Many of the elements you can see in the image above also serve as story creation prompts for the Game Master. Need a location, draw a card. Need to determine the belongings of an NPC or of a container, draw a card. If you need a more robust set of prompts, the creator has recommendations for that as well in the GMA Instructions. In short, it’s recommended to draw three cards; read all the catalysts and locations from each of the three cards and choose one of each. Use these as the jumping-off point for your story. There is additional guidance on how to use the randomness of the cards to further flesh out your starting location to give it more depth or to build more story points.
As you can see, a lot is going on with these cards and the utility it can bring to the table; even more so than I have covered. Some of the elements, their intended use, interpretations, and implementation are more complex than in the examples I presented above. A thorough read of the GMA instructions is required to get the most out of these cards. Back to the question at hand, is the fantasy deck worth adding to your game bag?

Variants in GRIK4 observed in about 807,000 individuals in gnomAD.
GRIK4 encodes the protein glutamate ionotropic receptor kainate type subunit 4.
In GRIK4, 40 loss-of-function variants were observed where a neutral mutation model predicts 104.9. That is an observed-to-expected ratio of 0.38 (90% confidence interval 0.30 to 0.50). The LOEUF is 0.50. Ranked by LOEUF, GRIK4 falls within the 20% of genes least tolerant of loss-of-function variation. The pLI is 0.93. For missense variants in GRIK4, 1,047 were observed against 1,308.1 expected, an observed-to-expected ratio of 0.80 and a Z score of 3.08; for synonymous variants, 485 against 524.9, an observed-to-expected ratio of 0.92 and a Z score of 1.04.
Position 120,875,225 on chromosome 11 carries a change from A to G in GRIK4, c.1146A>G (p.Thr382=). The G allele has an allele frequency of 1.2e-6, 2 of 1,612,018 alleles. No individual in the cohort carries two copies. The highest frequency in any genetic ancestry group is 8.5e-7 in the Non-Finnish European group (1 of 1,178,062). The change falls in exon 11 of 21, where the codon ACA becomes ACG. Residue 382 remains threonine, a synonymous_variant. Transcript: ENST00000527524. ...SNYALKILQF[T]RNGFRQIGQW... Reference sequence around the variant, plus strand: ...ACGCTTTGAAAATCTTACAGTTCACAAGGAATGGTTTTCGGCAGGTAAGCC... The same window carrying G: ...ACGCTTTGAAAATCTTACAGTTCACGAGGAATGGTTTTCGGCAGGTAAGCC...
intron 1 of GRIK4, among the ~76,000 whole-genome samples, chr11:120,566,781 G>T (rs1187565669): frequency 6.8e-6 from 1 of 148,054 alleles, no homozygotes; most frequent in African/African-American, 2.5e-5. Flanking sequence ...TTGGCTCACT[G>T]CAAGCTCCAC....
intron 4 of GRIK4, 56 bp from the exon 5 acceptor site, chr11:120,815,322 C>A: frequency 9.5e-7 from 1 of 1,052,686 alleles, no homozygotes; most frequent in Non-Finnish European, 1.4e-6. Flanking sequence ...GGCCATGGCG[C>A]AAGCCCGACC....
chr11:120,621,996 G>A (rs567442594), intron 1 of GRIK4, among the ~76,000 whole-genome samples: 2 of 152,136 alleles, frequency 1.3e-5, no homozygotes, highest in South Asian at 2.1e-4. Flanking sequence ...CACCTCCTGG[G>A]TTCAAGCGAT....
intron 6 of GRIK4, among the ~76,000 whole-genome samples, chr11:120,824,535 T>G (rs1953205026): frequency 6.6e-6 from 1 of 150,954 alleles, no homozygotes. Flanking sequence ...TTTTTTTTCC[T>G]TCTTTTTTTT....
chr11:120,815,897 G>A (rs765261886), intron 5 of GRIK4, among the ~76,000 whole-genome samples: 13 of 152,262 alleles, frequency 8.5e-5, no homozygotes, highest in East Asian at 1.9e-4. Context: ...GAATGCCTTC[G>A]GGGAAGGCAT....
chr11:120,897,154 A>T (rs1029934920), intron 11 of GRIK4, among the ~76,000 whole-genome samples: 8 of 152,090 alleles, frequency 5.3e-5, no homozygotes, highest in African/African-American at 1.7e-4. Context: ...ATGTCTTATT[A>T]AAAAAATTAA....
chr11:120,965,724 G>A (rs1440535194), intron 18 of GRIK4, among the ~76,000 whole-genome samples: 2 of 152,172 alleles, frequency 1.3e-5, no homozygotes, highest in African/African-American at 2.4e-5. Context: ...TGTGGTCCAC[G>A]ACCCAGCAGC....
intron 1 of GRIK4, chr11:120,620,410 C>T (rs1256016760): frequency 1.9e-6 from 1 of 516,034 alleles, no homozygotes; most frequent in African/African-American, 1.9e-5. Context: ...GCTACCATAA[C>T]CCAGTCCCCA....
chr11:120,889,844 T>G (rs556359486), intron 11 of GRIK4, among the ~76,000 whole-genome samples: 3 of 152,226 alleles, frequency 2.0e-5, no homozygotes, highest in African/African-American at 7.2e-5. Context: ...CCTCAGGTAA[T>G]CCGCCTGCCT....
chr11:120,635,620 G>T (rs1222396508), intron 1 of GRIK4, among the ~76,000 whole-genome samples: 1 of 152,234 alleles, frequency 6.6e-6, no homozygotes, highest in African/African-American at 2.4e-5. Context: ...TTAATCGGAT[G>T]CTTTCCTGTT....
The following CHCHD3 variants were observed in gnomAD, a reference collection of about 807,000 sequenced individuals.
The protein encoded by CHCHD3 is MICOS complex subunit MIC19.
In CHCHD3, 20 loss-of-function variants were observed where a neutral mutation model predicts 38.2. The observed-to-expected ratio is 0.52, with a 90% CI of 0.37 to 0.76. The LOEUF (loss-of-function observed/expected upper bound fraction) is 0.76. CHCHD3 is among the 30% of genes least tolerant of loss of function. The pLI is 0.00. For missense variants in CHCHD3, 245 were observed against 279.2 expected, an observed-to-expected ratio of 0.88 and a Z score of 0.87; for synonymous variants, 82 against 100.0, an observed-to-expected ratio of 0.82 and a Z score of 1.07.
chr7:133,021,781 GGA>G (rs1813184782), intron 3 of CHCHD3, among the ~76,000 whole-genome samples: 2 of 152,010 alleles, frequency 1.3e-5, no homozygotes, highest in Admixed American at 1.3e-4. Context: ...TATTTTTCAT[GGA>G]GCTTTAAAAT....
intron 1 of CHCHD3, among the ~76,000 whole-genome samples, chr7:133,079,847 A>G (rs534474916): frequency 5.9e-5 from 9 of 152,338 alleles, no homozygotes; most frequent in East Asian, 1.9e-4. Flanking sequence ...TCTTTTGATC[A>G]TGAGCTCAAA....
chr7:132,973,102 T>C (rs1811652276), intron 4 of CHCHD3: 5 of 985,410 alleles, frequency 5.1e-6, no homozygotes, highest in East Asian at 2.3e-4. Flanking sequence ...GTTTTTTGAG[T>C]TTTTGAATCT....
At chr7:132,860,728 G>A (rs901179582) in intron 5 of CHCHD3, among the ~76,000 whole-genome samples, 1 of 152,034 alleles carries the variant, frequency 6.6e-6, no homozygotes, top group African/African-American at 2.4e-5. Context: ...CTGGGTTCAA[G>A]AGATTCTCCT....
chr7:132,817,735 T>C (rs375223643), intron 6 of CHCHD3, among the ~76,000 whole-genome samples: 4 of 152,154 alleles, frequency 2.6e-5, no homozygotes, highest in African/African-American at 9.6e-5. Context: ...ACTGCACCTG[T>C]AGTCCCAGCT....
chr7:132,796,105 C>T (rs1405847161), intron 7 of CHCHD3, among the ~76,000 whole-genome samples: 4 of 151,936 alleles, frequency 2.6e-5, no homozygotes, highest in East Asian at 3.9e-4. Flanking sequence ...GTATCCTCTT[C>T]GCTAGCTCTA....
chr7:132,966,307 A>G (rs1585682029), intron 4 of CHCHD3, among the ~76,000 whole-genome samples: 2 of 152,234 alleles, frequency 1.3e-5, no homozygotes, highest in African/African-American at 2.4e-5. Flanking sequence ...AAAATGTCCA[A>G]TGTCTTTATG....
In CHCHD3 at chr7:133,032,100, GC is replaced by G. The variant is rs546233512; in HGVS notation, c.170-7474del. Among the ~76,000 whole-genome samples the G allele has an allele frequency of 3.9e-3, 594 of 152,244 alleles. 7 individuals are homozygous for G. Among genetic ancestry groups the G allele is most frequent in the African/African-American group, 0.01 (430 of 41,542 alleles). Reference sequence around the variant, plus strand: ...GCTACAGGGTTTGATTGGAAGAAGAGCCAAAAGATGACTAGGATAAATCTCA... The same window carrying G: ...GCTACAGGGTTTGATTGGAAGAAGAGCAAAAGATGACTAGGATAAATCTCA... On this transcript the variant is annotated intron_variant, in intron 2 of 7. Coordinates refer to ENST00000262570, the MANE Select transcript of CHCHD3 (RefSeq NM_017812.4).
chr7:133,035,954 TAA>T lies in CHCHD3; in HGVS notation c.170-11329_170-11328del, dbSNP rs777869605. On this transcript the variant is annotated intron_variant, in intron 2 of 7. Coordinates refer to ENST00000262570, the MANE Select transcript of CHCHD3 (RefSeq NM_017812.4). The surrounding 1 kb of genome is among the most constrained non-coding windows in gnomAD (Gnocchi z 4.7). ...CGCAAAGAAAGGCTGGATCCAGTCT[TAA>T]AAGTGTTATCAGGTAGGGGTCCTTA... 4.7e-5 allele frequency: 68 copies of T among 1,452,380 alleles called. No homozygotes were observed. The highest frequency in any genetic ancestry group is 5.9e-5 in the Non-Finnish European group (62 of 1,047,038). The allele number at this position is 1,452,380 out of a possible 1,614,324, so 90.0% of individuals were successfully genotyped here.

Why should you consider adding it to your game bag? The deck itself has solid enough utility that is random and diverse enough to be used over and over. The cards have a little something for almost every situation, and with a little creativity on the part of the user, you can probably make the cards work for those other situations as well. The Fantasy deck embodies its theme through and through; the creator has seen to that. The elements are generally GM-centric, but depending on how the deck is being used and by whom, some are just as easily used by players or during solo gaming.